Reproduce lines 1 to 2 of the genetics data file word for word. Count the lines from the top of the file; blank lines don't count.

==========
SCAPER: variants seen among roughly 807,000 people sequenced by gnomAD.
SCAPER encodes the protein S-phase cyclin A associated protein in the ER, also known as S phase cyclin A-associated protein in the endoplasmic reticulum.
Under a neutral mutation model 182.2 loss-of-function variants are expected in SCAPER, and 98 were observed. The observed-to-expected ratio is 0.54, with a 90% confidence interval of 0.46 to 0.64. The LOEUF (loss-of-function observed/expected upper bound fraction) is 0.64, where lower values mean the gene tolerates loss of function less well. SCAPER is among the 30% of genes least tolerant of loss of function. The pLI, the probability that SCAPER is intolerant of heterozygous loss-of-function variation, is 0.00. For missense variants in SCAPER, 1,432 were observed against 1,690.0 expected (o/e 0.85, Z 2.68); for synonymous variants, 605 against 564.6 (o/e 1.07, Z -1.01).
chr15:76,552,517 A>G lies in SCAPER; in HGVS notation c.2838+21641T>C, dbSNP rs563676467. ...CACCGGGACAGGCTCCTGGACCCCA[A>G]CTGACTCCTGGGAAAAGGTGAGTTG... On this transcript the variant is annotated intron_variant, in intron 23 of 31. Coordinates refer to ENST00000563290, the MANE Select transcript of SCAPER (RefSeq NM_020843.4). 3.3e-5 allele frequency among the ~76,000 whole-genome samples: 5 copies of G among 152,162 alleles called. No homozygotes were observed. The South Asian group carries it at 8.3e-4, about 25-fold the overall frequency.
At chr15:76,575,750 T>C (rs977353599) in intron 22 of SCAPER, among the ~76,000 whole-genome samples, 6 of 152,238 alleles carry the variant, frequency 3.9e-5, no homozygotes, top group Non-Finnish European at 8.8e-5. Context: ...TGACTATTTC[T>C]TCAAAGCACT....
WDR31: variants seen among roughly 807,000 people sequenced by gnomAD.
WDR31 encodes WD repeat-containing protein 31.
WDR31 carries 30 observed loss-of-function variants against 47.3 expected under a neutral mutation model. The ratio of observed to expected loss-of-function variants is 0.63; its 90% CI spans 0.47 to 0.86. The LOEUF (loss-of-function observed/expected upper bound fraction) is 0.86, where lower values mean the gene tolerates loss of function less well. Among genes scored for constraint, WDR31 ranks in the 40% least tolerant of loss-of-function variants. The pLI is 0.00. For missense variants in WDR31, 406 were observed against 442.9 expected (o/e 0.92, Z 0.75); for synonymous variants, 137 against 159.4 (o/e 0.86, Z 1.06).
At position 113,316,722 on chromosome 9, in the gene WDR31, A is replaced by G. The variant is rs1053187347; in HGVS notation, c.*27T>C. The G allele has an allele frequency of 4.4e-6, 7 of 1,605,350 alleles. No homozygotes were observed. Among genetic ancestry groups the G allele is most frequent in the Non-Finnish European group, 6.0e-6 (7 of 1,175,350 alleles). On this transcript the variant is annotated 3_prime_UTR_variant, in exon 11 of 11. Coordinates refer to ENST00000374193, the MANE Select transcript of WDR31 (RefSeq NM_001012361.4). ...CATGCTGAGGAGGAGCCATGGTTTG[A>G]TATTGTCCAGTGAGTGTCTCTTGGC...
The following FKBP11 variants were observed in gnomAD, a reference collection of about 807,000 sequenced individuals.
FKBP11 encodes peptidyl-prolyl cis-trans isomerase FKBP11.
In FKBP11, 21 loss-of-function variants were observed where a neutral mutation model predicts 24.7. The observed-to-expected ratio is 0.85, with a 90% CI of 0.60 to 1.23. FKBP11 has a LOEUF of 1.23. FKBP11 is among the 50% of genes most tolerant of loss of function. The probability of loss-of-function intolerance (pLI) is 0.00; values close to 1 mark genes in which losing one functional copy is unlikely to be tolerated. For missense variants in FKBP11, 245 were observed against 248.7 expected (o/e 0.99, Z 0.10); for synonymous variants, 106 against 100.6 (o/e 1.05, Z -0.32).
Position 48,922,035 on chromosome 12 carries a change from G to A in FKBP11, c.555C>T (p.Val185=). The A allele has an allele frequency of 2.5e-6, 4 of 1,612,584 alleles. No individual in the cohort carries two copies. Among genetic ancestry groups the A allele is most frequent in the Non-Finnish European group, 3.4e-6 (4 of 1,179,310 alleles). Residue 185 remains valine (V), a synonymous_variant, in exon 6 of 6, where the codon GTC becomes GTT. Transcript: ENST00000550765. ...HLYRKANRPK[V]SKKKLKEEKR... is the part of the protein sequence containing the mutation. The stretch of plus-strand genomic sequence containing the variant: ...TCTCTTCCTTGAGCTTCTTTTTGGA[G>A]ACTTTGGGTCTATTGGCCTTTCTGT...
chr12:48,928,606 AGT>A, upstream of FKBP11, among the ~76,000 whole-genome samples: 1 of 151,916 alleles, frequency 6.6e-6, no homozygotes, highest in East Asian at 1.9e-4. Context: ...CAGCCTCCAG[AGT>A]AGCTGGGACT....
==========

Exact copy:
SCAPER: variants seen among roughly 807,000 people sequenced by gnomAD.
SCAPER encodes the protein S-phase cyclin A associated protein in the ER, also known as S phase cyclin A-associated protein in the endoplasmic reticulum.